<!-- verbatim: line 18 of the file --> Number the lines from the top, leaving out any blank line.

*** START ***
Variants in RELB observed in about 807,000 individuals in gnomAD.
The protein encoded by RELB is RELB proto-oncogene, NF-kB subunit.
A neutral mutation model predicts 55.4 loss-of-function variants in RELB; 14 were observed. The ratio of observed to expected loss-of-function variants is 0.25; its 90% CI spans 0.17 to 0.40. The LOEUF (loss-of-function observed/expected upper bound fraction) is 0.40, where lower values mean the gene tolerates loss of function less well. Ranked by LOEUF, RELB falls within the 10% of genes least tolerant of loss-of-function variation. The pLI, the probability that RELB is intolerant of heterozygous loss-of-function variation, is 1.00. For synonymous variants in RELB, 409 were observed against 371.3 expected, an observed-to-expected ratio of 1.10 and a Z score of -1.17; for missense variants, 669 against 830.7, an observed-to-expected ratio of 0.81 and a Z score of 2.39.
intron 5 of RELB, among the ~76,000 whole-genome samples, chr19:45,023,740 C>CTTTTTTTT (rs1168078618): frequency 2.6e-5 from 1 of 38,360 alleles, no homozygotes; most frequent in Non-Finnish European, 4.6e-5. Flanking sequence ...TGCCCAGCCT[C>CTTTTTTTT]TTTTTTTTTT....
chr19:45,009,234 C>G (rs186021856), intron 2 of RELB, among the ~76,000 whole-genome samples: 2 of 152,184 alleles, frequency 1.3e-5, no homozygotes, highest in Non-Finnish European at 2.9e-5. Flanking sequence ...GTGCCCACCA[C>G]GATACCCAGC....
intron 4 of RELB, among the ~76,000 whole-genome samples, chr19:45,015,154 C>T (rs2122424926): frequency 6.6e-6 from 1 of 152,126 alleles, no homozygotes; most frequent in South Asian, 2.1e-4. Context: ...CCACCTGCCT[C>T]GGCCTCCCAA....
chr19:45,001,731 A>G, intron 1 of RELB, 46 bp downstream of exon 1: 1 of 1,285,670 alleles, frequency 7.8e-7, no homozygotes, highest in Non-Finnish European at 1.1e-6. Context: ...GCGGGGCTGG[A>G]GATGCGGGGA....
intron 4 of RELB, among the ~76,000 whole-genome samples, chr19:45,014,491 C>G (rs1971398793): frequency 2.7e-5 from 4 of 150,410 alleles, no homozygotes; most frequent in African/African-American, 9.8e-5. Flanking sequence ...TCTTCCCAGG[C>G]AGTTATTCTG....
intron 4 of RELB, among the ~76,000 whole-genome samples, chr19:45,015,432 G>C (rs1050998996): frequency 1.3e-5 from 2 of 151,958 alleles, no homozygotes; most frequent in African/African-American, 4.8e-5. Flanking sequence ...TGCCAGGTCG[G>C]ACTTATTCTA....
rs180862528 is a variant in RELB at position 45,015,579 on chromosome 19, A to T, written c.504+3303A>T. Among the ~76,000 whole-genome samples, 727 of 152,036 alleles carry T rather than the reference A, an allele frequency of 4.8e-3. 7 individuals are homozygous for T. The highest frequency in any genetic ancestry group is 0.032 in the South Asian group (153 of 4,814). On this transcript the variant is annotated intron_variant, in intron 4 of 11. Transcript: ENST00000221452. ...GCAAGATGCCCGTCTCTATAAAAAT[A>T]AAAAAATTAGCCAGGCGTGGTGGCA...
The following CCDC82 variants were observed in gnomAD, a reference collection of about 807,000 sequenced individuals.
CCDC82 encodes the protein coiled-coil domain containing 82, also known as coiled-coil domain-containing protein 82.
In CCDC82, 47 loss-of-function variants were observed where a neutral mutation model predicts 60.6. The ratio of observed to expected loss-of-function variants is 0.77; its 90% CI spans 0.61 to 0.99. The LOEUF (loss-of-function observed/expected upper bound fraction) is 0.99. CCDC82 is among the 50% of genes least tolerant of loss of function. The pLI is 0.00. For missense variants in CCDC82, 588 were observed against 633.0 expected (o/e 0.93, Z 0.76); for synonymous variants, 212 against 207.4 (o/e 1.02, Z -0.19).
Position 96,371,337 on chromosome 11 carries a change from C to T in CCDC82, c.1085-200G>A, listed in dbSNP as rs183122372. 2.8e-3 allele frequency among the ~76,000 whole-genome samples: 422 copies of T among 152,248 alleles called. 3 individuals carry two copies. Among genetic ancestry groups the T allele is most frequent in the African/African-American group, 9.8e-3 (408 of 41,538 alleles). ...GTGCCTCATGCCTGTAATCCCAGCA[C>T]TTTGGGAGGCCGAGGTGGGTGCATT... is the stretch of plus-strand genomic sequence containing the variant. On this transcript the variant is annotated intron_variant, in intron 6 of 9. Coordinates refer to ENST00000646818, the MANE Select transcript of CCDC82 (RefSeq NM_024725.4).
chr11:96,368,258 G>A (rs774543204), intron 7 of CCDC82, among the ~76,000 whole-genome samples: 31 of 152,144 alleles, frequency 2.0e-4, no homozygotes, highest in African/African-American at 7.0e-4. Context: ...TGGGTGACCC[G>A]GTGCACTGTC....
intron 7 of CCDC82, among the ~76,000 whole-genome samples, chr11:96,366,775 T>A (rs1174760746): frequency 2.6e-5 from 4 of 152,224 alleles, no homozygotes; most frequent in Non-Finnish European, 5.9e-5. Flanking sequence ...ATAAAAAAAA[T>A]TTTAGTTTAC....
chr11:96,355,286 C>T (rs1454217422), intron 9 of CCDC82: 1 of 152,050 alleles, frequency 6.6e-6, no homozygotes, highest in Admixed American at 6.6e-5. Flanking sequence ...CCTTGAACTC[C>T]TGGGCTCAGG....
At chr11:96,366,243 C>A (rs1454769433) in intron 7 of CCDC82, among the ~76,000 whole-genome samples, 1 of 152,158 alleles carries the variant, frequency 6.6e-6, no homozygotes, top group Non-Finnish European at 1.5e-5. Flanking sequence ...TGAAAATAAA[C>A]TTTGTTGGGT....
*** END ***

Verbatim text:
At chr11:96,366,243 C>A (rs1454769433) in intron 7 of CCDC82, among the ~76,000 whole-genome samples, 1 of 152,158 alleles carries the variant, frequency 6.6e-6, no homozygotes, top group Non-Finnish European at 1.5e-5. Flanking sequence ...TGAAAATAAA[C>A]TTTGTTGGGT....